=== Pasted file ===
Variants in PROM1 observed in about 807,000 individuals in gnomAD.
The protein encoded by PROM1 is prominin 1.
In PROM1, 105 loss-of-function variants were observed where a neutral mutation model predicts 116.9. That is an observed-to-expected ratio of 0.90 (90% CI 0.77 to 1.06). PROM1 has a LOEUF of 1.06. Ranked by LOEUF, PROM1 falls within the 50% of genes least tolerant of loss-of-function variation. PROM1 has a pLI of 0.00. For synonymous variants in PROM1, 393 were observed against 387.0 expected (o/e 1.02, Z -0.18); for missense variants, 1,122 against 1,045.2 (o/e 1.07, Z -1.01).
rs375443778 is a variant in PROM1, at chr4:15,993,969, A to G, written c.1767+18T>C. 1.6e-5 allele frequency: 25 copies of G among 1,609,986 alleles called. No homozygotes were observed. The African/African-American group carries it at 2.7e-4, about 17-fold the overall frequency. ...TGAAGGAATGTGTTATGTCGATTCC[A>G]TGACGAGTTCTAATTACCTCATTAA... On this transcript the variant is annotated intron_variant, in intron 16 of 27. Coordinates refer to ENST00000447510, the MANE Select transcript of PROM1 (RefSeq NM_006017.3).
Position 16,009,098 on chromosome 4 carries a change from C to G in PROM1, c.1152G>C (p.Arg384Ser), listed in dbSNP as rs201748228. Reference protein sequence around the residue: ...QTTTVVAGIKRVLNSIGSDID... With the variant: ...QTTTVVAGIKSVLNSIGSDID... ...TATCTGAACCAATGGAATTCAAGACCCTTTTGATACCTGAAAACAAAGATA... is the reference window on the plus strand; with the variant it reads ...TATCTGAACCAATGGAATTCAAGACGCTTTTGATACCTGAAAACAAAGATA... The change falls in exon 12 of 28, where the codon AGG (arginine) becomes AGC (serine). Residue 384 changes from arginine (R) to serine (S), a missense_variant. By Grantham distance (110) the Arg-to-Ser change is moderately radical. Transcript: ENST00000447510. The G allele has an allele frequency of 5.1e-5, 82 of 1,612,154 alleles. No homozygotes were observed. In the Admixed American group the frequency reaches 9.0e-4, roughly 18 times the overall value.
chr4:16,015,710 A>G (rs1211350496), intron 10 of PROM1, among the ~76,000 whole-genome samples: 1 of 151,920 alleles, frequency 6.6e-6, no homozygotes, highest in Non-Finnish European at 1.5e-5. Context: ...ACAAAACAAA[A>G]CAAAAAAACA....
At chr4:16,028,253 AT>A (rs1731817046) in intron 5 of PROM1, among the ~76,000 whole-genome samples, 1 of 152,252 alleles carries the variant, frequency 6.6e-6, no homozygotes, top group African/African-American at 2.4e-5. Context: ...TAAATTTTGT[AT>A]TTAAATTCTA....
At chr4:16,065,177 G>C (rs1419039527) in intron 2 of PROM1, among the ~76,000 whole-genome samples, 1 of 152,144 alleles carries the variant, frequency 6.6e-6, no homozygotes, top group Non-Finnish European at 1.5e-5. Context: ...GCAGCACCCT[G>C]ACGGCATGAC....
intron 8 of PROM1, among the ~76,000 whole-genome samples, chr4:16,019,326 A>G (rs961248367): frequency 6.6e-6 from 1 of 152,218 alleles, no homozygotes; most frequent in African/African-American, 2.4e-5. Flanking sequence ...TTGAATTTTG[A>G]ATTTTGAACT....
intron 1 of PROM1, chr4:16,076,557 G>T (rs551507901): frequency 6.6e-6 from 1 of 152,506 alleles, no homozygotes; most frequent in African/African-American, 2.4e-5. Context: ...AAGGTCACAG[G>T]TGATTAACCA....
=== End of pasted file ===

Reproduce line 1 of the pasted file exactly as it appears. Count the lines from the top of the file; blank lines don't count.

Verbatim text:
Variants in PROM1 observed in about 807,000 individuals in gnomAD.